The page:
Illinois fracking hops final hurdle – Regulations approved Thursday

Anti-fracking advocates line up outside the Michael A. Bilandic building to protest the Joint Commission on Administrative Rules, which approved regulations for hydraulic fracturing on Thursday.
Demonstrators who oppose fracking line up outside the Michael A. Bilandic building in Chicago to protest approval of regulations that open the way for hydraulic fracturing. Michael Epstein/MEDILL

Fracking could begin in Illinois as early as February after regulations governing the process were approved Thursday.

The Illinois Joint Commission on Administrative Rules approved a finalized version of the regulations governing hydraulic fracturing at a meeting at the Michael A. Bilandic building in Chicago. The commission’s consent and finalized regulations opens the way for the Department of Natural Resources, which governs fracking, to accept applications and issue permits for energy companies to implement the controversial process.

“In this case, I think the department tried to strike a balance between the industry advocates who want to commence fracking and environmental advocates who are concerned about the consequences,” said commission Co-Chair Don Harmon, a State Senator (D-39th) who supported a ban on hydraulic fracturing. “I think the final ruling will displease both groups in equal measure, which is usually the sign of a successful legislative effort,” he said.

The process of setting regulations for fracking extended debate on the contentious practice since before Illinois passed legislation to allow fracking in 2013.

Industry advocates claim that the state’s tough regulations will limit the financial boom that the energy industry could bring to the state. Environmental activists have fought tooth and nail to prevent fracking, citing the potential impact on the state’s water supply and risk of earthquakes.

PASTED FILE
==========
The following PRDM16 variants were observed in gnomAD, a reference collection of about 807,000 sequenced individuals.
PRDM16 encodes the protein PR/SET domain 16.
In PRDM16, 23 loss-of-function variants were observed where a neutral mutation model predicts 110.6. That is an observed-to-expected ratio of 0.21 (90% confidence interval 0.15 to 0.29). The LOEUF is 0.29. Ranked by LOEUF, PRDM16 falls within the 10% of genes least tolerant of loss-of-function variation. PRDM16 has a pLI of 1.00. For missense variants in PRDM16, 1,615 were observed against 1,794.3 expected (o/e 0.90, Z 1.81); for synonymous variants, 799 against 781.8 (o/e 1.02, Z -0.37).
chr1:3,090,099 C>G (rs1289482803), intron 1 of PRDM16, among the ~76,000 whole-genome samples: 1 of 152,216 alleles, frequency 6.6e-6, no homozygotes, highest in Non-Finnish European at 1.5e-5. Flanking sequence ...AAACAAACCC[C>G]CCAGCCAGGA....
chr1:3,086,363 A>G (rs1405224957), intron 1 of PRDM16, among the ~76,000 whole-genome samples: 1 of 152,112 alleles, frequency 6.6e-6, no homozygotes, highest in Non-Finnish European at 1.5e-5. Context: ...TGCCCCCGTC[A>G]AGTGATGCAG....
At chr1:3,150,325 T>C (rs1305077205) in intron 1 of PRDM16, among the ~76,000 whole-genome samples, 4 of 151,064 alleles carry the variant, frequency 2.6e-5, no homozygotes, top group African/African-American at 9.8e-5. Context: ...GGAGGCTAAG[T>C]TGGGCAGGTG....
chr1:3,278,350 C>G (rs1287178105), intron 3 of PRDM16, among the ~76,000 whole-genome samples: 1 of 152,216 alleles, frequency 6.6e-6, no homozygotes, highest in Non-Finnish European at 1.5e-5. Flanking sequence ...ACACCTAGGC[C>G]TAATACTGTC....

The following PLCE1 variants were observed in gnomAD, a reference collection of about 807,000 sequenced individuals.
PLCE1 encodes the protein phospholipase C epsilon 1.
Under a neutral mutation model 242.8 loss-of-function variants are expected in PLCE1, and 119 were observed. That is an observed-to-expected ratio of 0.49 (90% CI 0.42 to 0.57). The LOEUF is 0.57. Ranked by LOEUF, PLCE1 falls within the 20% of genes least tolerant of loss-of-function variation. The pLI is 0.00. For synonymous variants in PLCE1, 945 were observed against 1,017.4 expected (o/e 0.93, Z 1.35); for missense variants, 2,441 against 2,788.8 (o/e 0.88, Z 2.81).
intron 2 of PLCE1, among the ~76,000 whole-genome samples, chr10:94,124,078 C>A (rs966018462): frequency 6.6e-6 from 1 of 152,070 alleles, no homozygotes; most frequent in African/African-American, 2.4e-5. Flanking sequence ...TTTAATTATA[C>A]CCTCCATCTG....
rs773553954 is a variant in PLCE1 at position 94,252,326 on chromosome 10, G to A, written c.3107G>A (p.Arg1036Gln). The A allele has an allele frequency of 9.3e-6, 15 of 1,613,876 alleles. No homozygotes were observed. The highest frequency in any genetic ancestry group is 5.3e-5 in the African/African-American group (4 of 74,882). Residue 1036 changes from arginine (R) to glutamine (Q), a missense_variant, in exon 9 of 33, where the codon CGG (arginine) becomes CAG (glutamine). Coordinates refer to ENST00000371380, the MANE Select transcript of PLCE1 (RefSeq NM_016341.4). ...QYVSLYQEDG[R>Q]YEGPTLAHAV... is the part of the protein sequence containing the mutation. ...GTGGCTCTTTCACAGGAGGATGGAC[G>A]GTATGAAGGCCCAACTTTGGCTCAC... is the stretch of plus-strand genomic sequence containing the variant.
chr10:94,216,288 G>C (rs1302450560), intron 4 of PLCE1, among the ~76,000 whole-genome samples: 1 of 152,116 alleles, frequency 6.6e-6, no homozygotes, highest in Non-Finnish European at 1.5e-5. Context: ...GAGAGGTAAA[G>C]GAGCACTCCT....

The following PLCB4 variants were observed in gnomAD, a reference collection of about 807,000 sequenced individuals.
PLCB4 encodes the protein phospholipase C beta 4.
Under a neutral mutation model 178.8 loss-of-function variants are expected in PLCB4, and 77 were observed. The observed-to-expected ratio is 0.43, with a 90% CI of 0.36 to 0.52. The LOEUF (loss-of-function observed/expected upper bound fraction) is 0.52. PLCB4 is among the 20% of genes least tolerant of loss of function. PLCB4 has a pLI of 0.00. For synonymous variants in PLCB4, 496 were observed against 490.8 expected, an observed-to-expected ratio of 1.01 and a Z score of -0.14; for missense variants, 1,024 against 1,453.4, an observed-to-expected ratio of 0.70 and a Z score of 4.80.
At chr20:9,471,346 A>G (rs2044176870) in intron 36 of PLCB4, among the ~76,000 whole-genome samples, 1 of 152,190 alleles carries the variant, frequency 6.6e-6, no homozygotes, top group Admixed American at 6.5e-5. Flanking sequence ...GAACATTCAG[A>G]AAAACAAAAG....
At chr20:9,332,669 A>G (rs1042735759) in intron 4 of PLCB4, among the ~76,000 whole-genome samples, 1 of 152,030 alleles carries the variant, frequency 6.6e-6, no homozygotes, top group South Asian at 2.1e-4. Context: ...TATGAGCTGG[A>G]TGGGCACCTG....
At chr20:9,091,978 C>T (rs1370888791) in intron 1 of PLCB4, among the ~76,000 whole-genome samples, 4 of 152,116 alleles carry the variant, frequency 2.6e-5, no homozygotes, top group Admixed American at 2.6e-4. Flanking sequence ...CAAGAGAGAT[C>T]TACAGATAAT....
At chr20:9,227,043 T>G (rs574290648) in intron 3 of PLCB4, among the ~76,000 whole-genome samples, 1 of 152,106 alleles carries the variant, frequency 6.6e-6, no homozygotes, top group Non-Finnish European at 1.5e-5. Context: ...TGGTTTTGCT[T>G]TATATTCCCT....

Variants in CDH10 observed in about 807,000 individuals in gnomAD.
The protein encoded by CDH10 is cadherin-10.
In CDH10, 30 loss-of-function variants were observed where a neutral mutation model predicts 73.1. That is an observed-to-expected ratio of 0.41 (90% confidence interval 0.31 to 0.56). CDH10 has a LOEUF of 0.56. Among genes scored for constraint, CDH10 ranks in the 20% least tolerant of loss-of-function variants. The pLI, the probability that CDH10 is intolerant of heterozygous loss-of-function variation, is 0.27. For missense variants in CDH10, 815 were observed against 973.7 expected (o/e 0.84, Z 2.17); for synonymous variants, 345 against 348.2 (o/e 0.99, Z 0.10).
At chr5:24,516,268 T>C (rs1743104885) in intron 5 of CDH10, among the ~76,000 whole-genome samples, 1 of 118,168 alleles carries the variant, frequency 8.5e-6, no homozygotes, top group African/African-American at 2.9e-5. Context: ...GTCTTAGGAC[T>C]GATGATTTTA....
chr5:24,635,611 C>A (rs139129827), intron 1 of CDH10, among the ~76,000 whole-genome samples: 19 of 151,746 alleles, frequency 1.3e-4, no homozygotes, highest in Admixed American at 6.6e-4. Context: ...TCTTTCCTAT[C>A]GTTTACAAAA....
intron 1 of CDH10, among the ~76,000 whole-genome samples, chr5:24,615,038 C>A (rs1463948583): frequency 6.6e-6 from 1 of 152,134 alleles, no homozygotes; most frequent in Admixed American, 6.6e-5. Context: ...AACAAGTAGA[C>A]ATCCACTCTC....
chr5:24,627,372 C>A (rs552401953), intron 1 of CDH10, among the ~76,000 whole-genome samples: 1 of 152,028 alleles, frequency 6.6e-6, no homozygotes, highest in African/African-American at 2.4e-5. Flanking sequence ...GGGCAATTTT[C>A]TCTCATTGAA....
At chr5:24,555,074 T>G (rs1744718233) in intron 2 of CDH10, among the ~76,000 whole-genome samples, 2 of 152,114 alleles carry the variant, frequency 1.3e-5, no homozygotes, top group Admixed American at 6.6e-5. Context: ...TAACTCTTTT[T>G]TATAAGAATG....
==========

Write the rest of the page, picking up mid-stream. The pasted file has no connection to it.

Caught in the middle, the Department of Natural Resources has been responsible for creating rules to regulate fracking.

The Joint Commission on Administrative Rules ensures that all rules generated by government agencies adhere to the letter of the law and the last bureaucratic force that could compel changes before the regulations are finalized. The commission deferred action on the regulations in October.

Without regulations in place, the Department of Natural Resources cannot issue permits, which has essentially barred companies from moving forward on fracking operations.

According to Illinois Manufacturers’ Association Vice President Mark Denzler, the changes in the updated regulations passed Thursday include a re-defined understanding of environmental harm and increased fines for water contamination and other environmental damage.

Based on the currently available regulations, companies will be required to document every facet of the process during the application process, including what chemicals they use and how much goes into the mixture they inject into the ground. Denzler described the final rules as “the strictest statute in the country, bar none.”

Environmental advocates and anti-fracking opponents are convinced that the process leads to destabilization along the New Madrid fault line, risking possible earthquakes and untold damage across the state.

“These guys just voted for reckless endangerment in Illinois,” said Dr. Laura Chamberlain, lead organizer for Frack Free Illinois. Chamberlain believes the committee should have added language that would force companies to suspend drilling under even the slightest sign of seismic activity.

The final regulations will be published in the Illinois state register on or before the November 15 legislative deadline. Companies must register 30 days before submitting an application for a permit, which must be approved or rejected within another 60 days. Companies who begin the process immediately after the department begins registration could apply for a permit as soon as December, and the 60-day period would open the door for fracking to begin as soon as February.